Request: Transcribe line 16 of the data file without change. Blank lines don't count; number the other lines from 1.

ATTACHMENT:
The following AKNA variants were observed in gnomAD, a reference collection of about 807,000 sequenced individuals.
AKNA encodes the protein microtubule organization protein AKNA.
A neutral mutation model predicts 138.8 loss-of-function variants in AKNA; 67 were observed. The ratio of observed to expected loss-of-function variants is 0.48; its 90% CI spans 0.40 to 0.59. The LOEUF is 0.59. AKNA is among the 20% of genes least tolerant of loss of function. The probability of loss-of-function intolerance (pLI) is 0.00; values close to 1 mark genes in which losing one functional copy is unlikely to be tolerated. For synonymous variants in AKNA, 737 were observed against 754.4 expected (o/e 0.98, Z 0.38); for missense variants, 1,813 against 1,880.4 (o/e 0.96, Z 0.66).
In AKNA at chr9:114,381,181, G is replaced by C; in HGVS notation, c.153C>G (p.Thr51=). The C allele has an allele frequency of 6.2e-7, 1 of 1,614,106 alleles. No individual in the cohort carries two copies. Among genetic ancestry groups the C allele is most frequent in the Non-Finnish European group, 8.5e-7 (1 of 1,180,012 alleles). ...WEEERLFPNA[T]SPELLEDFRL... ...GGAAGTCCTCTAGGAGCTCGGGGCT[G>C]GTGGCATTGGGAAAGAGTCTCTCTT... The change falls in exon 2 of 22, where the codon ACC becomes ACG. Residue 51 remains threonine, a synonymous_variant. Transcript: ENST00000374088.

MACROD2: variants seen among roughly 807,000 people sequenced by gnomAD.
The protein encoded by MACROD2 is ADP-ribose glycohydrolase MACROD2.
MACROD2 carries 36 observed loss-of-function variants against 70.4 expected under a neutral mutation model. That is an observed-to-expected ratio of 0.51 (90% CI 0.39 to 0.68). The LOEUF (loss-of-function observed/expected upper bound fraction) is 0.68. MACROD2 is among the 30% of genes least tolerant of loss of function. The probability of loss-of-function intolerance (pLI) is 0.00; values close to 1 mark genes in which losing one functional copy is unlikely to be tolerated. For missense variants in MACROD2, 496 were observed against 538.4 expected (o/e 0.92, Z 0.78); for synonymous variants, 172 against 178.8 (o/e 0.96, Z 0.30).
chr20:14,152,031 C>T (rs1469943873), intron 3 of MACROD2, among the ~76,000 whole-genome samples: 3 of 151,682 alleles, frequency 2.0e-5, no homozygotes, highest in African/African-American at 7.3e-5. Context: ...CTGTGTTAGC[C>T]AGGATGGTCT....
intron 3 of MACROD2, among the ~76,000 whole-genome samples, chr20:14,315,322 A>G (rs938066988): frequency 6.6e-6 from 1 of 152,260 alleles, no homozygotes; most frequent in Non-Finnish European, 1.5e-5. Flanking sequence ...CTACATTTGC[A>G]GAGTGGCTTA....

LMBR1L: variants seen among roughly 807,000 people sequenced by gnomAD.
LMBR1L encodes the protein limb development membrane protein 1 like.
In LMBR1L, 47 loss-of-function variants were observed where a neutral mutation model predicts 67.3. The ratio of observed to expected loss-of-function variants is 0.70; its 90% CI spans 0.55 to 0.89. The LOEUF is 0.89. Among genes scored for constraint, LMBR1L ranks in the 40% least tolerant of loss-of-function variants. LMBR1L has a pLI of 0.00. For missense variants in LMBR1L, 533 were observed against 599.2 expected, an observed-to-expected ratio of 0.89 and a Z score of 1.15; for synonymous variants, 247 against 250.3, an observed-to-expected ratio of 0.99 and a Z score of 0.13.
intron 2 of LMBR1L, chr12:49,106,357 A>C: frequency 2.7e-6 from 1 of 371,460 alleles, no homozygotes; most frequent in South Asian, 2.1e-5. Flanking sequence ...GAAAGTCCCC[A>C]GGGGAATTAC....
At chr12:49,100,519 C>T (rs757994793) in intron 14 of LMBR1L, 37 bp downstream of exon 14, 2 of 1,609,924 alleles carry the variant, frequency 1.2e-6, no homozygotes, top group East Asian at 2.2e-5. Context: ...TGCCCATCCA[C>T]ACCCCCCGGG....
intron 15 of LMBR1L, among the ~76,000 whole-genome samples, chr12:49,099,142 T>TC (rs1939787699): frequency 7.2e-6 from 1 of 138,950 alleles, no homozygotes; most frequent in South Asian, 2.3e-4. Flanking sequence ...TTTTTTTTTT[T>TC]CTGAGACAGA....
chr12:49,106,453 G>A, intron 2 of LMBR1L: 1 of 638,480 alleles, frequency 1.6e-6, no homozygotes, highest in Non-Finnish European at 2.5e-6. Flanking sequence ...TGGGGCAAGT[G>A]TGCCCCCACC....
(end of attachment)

chr12:49,106,453 G>A, intron 2 of LMBR1L: 1 of 638,480 alleles, frequency 1.6e-6, no homozygotes, highest in Non-Finnish European at 2.5e-6. Flanking sequence ...TGGGGCAAGT[G>A]TGCCCCCACC....